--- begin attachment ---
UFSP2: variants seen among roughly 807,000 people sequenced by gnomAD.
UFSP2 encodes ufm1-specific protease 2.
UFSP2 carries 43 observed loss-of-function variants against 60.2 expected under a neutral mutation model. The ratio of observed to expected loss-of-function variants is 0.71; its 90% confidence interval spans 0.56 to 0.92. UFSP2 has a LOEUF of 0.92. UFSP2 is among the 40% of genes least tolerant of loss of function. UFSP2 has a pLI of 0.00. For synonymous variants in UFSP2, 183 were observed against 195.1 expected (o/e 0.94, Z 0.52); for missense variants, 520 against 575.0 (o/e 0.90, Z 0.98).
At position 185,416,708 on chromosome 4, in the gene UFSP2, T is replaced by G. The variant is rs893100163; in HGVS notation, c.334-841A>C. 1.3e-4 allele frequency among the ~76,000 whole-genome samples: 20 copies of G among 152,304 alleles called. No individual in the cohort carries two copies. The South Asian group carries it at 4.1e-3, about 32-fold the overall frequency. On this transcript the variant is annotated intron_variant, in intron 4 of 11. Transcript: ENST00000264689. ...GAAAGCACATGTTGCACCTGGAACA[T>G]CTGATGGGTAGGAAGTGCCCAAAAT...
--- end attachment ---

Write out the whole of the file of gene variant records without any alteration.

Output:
UFSP2: variants seen among roughly 807,000 people sequenced by gnomAD.
UFSP2 encodes ufm1-specific protease 2.
UFSP2 carries 43 observed loss-of-function variants against 60.2 expected under a neutral mutation model. The ratio of observed to expected loss-of-function variants is 0.71; its 90% confidence interval spans 0.56 to 0.92. UFSP2 has a LOEUF of 0.92. UFSP2 is among the 40% of genes least tolerant of loss of function. UFSP2 has a pLI of 0.00. For synonymous variants in UFSP2, 183 were observed against 195.1 expected (o/e 0.94, Z 0.52); for missense variants, 520 against 575.0 (o/e 0.90, Z 0.98).
At position 185,416,708 on chromosome 4, in the gene UFSP2, T is replaced by G. The variant is rs893100163; in HGVS notation, c.334-841A>C. 1.3e-4 allele frequency among the ~76,000 whole-genome samples: 20 copies of G among 152,304 alleles called. No individual in the cohort carries two copies. The South Asian group carries it at 4.1e-3, about 32-fold the overall frequency. On this transcript the variant is annotated intron_variant, in intron 4 of 11. Transcript: ENST00000264689. ...GAAAGCACATGTTGCACCTGGAACA[T>G]CTGATGGGTAGGAAGTGCCCAAAAT...